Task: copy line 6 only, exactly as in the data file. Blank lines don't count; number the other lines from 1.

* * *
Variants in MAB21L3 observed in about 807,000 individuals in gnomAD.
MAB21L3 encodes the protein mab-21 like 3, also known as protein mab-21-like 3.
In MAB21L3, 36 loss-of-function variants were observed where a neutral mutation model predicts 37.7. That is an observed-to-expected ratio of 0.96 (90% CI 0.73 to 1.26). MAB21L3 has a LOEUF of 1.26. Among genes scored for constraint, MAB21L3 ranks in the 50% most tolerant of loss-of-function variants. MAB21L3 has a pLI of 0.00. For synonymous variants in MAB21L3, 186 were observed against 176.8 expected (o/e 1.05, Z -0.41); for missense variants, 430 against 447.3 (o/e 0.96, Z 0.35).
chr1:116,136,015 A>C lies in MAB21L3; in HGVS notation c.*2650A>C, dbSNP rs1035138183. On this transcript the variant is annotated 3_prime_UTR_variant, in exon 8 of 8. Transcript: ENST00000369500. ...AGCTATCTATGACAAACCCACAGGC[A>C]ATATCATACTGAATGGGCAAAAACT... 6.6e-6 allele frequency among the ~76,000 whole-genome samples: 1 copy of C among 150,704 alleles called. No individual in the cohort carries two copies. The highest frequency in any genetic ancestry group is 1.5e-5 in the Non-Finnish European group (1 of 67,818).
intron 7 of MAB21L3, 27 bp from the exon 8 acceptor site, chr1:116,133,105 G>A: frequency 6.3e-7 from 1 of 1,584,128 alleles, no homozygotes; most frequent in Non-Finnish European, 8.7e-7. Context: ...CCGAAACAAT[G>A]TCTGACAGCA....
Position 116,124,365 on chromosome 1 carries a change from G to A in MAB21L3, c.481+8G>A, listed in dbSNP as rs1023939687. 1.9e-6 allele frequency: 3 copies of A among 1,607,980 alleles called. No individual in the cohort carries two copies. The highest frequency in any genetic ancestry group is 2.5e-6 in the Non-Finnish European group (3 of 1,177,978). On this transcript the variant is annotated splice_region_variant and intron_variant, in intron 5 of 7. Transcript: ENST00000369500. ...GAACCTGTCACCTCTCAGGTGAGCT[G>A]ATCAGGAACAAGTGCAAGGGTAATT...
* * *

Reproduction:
Position 116,124,365 on chromosome 1 carries a change from G to A in MAB21L3, c.481+8G>A, listed in dbSNP as rs1023939687. 1.9e-6 allele frequency: 3 copies of A among 1,607,980 alleles called. No individual in the cohort carries two copies. The highest frequency in any genetic ancestry group is 2.5e-6 in the Non-Finnish European group (3 of 1,177,978). On this transcript the variant is annotated splice_region_variant and intron_variant, in intron 5 of 7. Transcript: ENST00000369500. ...GAACCTGTCACCTCTCAGGTGAGCT[G>A]ATCAGGAACAAGTGCAAGGGTAATT...